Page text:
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Spokane, Washington  Est. May 19, 1883
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Once-rejected Spokane County charter proposed again

Susan Kaun saw the coming of a disaster.

Kaun was one of 25 Spokane County citizens elected to design a new form of local government for Spokane County in the mid-1990s, but in April 1995 she saw those ideas for a unified government potentially going up in smoke.

The Liberty Lake resident wrote to Neal Peirce, the consultant whose ideas had prompted the Spokane exercise: “Our charter … tries to address too many ‘common sense’ good government issues, and in the process will confuse many citizens and provide ammunition for opponents.” Kaun’s letter has been preserved by the Washington State Archives at Eastern Washington University.

Her words proved prescient. In November 1995, voters countywide roundly rejected her group’s proposal.

Now, a contingent of Spokane County citizens – many of them leaning to the left politically – are asking the commission to once again consider a “charter” form of government. Seven Washington counties, including the three largest, have adopted that form of government.

Simply adding two more county commissioners by a vote of the people “would do nothing to remedy the lack of representation that the current structure creates,” former Spokane County Commissioner Bonnie Mager said, calling for the creation of a charter.

Mike Senske, one of those 25 freeholders in 1995, said he still supports the idea of a charter government. But the process in the mid-1990s has left him with specifics on what would need to happen for such a process to succeed.

“You need leaders that are focused on solutions that can benefit the community as a whole,” Senske said. The previous freeholder group included certain people who wanted to see the project fail, introducing complicated proposals that doomed the initiative, he said.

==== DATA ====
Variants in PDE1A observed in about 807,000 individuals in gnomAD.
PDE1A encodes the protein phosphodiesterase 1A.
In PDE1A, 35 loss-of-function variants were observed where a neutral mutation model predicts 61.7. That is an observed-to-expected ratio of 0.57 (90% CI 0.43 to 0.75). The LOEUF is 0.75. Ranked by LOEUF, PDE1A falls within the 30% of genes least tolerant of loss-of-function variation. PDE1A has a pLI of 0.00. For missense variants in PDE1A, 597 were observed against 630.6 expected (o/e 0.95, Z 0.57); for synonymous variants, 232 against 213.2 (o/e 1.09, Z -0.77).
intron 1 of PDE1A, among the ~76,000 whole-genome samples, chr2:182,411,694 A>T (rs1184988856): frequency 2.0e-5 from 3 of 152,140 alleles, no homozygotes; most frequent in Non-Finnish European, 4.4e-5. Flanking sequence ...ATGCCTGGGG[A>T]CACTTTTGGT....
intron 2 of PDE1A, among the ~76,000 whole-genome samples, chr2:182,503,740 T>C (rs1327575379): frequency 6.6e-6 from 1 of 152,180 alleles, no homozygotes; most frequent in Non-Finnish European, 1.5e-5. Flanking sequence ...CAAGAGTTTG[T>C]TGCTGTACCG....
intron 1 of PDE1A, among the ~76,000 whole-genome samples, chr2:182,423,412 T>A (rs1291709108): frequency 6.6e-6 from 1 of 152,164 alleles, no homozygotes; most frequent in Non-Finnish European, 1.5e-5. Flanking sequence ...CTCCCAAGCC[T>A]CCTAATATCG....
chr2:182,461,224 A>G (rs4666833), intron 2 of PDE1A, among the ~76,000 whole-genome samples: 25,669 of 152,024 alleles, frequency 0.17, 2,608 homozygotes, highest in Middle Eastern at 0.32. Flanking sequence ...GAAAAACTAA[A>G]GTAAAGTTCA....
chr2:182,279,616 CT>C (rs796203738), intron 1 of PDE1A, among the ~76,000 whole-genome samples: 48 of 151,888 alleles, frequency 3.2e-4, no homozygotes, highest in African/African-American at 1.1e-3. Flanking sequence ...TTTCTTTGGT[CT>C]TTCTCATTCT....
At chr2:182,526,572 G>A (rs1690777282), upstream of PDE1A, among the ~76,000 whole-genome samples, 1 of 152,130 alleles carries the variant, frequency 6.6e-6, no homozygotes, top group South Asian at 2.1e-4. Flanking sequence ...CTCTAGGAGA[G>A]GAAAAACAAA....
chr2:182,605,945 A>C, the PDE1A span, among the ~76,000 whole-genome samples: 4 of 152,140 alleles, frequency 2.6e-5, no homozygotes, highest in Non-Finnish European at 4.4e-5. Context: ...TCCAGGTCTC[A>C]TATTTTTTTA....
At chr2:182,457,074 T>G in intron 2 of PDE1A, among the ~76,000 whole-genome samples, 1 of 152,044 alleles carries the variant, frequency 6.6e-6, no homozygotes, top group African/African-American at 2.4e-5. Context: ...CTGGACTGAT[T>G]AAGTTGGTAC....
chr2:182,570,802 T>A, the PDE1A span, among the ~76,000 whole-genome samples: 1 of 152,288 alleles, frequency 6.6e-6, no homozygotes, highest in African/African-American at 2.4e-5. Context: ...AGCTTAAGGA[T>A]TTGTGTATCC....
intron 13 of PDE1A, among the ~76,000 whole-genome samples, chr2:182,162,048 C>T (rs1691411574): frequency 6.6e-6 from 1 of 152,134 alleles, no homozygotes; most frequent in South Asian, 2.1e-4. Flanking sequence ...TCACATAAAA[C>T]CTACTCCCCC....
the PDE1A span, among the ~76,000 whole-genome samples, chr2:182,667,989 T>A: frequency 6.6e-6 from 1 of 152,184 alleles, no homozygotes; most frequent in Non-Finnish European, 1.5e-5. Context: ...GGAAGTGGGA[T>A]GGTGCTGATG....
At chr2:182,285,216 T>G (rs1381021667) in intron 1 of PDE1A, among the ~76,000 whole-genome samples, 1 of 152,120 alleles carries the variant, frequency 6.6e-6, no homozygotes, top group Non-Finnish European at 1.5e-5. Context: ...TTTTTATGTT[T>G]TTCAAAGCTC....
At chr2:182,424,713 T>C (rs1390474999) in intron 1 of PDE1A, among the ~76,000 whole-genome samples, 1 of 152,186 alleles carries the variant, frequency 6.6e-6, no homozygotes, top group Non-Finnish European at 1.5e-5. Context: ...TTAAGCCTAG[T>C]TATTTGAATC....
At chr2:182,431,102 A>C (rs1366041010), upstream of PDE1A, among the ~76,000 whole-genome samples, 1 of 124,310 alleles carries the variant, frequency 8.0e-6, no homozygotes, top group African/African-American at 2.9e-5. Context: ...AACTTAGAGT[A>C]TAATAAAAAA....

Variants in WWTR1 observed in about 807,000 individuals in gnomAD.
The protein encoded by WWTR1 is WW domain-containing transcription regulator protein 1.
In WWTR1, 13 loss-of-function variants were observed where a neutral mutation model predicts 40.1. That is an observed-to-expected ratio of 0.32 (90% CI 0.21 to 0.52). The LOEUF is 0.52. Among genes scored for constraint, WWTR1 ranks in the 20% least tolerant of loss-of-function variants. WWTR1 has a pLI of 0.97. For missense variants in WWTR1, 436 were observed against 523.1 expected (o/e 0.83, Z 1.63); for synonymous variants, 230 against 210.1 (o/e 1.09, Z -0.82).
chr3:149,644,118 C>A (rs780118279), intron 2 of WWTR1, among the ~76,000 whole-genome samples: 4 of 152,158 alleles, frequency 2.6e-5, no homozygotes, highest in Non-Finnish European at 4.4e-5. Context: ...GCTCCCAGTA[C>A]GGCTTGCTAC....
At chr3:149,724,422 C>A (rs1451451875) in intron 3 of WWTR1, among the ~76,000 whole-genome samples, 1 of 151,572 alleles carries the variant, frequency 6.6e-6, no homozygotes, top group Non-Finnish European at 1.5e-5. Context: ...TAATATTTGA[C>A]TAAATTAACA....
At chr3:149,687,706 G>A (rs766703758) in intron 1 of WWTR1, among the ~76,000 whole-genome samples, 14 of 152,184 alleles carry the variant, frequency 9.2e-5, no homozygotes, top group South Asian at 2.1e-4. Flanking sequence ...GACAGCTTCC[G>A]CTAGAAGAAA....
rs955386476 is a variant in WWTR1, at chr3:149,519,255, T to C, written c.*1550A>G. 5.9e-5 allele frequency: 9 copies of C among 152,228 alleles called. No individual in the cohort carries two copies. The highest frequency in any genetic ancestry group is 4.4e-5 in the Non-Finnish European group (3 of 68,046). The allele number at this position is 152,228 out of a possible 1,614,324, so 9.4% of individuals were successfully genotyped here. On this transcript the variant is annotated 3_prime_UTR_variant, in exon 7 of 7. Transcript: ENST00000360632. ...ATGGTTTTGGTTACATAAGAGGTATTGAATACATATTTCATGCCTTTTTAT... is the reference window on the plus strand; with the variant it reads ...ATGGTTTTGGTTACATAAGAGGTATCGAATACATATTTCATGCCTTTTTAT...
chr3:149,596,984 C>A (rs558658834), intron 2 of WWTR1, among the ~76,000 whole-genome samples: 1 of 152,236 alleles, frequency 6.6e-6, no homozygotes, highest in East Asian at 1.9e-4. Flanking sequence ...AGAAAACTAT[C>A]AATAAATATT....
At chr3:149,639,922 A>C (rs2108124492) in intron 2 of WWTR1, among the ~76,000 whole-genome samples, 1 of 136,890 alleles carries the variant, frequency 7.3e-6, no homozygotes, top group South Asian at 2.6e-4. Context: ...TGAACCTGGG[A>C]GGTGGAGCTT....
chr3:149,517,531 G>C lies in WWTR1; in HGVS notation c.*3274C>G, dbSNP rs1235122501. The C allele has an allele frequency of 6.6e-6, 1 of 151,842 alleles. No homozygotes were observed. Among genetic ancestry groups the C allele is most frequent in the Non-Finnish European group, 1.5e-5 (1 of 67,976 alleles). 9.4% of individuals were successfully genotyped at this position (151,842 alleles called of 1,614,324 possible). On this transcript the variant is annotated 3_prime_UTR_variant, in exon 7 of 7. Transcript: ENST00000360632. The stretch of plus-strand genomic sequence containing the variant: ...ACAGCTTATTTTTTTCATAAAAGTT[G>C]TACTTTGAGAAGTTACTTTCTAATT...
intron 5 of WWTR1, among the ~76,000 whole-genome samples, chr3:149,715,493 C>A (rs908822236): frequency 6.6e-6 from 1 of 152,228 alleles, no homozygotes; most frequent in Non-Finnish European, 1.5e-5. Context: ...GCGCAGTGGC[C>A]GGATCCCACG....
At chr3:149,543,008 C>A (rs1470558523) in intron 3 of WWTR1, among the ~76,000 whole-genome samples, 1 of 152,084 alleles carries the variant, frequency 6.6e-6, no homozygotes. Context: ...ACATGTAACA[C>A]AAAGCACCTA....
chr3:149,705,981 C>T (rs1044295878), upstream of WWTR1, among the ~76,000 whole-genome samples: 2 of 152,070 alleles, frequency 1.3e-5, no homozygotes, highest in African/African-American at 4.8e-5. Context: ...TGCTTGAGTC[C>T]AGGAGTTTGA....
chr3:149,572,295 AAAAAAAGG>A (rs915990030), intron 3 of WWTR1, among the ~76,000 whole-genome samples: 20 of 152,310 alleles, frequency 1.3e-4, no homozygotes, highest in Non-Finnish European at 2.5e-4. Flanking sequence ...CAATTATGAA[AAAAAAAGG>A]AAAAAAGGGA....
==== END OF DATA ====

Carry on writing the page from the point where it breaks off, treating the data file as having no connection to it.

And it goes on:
Another freeholder, Carol Lawton, described the process as “arduous.”

“I would never do it again,” she said. “I’m OK that I did it once.”

Lawton called the move to five county commissioners “a good first step” to increasing representative government in the county, her biggest original goal for becoming involved in the freeholder movement.

“The county is not represented appropriately by three people,” she said. But, she added, “the division could be somewhat politicized.”

Commissioner Al French told Mager, and others, that he would stand behind efforts to reproduce the freeholder process, if they were proposed once again.

“If this county decides it wants to do a freeholder process, I’m all on board; let’s get started,” French said.

Commissioner Todd Mielke also said he’d spoken frequently, following the economic downturn in 2008 and the drying up of tax revenues, of overhauling county government through a charter. He said those efforts were unsuccessful, due to concerns from those in the public that offices such as the sheriff, auditor and treasurer would become appointed positions by commissioners.

“We got a tremendous amount of pushback, from the public, believing that it would result in less accountability to the voters by going, ultimately, to fewer elected officials overall,” Mielke said.

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